I suggest, therefore, that the Chancellor should have further thoughts on this matter and should try to help us, certainly in the Budget, by abolishing the 5 per cent, tax. We do not want the right hon. Gentleman to have the reputation, which he is fast acquiring, of being a sort of inverted Mr. Micawber and always waiting for something to turn down.

Mrs. Alice Cullen (Glasgow, Gorbals)

I want to add my support for the Amendment to abolish the 5 per cent. tax on clothing, boots, shoes and essential furniture. As a grandmother with grandchildren who are on the verge of being married, I know that it is very difficult for these children to have the essential pieces of furniture to set up a home. It is not good enough to say, a s some people say, that hire purchase is the answer. To me, hire purchase only makes things worse.

On clothing, we all know that the same tax is carried on expensive clothing, but the folks who can afford expensive clothing can afford to pay the tax. Consider, for example, children's boots and shoes. Between the inferior quality of leather and the tax, the mothers are at their wits' end in trying to keep their children shod. My own daughters have shown me shoes for which they paid 35s. and £2 a pair for children aged nine and ten, but the inferior leather does not last a month and it carries a 5 per cent. tax.

Those are the things I wanted to say to the Chancellor. The Government have a habit of fixing taxes on the people who can least afford them. The people of whom I am speaking can least afford them. I hope that the Chancellor will have second thoughts and abolish this 5 per cent. tax in the interests of the ordinary people who do not have the means to get the essential items that are taxed.

5.45 p.m.

Dr. Barnett Stross (Stoke-on-Trent, Central)

Listening to this afternoon's discussion, the arguments for the abolition of the tax seem to fall in two directions. In the first, it would be a logical and proper thing to assist Lancashire, which has fallen on hard times. Secondly, it would assist millions of homes in which the impact is of consequence although the rate of the tax is only 5 per cent.

I ask the Chancellor to consider a narrow point, but one which will particularly interest my hon. Friend the Member for Coatbridge and Airdrie (Mrs. Mann). Yesterday afternoon I received a communication from the British Medical Association asking me to intervene and try to persuade the Chancellor of the Exchequer at least to consider a new situation which has arisen with reference to inflammable clothing. At present, inflammable clothing and non-inflammable clothing are both treated alike and they both have to sustain Purchase Tax at 5 per cent. The Science Committee of the British Medical Association says that on examining the problem it is disappointed to find that the Chancellor has not found it possible to make any distinction in the Finance Bill between these two types of clothing.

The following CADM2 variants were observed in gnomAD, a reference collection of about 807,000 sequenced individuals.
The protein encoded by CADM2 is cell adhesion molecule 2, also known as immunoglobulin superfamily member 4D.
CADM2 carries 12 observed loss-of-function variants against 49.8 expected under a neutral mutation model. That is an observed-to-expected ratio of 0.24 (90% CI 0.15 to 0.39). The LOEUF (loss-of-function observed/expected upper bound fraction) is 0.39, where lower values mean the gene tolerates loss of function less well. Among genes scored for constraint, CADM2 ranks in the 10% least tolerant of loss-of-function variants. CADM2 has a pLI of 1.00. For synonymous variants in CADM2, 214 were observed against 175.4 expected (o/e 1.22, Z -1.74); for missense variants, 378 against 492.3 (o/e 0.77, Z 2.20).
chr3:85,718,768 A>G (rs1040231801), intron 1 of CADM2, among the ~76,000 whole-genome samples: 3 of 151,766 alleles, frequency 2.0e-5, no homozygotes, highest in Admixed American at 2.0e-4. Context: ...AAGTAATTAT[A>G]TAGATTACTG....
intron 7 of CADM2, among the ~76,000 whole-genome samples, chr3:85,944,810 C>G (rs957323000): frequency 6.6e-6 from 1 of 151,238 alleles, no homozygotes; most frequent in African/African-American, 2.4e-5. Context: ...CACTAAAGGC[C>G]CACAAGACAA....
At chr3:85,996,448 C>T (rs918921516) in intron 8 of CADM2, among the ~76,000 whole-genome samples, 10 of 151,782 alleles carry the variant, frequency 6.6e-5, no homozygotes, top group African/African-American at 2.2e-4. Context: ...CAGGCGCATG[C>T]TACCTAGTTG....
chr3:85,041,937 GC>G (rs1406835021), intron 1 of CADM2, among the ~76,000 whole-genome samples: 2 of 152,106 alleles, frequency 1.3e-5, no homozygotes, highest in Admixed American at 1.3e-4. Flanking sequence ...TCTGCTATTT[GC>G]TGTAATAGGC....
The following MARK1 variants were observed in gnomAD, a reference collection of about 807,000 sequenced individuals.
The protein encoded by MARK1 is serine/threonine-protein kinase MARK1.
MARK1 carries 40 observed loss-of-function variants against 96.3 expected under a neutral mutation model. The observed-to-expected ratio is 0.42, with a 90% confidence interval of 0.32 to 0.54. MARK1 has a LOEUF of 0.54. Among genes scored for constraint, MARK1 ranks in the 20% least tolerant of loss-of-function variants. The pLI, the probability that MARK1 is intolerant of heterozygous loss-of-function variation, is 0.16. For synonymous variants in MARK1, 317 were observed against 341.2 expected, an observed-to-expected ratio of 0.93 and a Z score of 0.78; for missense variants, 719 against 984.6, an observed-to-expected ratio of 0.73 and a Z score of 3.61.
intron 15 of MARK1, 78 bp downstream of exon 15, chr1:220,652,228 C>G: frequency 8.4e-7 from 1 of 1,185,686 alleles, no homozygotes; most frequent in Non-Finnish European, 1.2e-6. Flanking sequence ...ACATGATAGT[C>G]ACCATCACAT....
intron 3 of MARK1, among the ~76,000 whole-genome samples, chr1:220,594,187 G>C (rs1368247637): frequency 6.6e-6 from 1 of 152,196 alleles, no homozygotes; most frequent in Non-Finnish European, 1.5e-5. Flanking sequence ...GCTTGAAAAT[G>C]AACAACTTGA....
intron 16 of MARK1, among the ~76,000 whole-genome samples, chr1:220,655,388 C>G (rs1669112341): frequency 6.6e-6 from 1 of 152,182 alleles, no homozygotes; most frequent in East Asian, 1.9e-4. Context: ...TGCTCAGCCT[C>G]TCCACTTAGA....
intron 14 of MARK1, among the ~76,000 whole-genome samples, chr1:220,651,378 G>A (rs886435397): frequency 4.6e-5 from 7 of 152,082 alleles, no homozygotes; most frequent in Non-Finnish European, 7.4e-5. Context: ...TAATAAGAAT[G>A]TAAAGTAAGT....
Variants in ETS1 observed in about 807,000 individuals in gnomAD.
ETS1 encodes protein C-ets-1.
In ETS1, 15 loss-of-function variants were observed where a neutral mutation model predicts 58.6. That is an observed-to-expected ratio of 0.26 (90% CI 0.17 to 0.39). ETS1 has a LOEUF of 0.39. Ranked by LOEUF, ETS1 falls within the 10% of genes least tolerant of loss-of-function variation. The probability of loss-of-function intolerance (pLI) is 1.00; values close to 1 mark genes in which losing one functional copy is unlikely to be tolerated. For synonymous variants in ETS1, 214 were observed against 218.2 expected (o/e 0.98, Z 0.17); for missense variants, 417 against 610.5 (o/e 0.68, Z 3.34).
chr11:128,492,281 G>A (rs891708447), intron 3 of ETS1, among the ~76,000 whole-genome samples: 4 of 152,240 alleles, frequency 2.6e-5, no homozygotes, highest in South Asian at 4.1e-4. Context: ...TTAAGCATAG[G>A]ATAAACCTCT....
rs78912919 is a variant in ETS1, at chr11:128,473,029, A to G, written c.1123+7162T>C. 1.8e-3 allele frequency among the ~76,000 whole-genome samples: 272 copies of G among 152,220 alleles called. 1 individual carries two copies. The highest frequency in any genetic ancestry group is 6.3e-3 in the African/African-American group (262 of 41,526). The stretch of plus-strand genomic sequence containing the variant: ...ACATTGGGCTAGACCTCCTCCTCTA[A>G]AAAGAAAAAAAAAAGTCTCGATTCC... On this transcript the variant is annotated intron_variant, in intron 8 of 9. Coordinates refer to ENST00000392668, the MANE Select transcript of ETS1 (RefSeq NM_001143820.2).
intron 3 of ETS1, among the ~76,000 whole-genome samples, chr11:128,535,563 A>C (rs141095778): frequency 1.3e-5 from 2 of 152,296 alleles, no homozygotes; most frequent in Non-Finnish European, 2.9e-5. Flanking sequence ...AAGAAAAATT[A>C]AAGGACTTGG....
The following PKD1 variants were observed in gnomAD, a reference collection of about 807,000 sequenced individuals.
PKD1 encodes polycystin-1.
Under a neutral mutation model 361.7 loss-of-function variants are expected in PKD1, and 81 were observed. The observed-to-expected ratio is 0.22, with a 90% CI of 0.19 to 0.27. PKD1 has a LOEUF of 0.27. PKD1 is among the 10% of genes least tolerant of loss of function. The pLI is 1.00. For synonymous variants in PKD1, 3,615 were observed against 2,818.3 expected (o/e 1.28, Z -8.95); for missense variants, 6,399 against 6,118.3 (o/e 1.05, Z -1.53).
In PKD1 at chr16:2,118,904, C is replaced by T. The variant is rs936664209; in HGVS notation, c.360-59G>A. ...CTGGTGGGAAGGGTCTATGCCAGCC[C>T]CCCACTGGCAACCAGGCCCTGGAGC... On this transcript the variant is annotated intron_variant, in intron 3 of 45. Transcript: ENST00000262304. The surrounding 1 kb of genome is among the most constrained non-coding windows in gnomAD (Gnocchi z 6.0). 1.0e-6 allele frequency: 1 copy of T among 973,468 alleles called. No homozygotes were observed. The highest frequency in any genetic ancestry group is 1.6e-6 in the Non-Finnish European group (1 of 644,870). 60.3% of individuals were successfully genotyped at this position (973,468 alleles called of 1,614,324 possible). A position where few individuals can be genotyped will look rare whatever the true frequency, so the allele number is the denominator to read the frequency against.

The Science Committee states that a new British Standard, B.S.3121, was recently introduced concerning flame-resistant fabrics. Regulations have been tabled by the Government as from yesterday making it an offence to offer for sale flameproof fabrics which do not conform to this new British Standard. I am sure that my hon. Friend the Member for Coatbridge and Airdrie, who has fought a long battle and brought this matter to the attention of the House of Commons and of the country on so many occasions, will be glad that we are now moving in this direction.

Mrs. Jean Mann (Coatbridge and Airdrie)

May I say that I lost the battle, because the highly inflammable material is not to be marked at all? Only the safe material will be marked.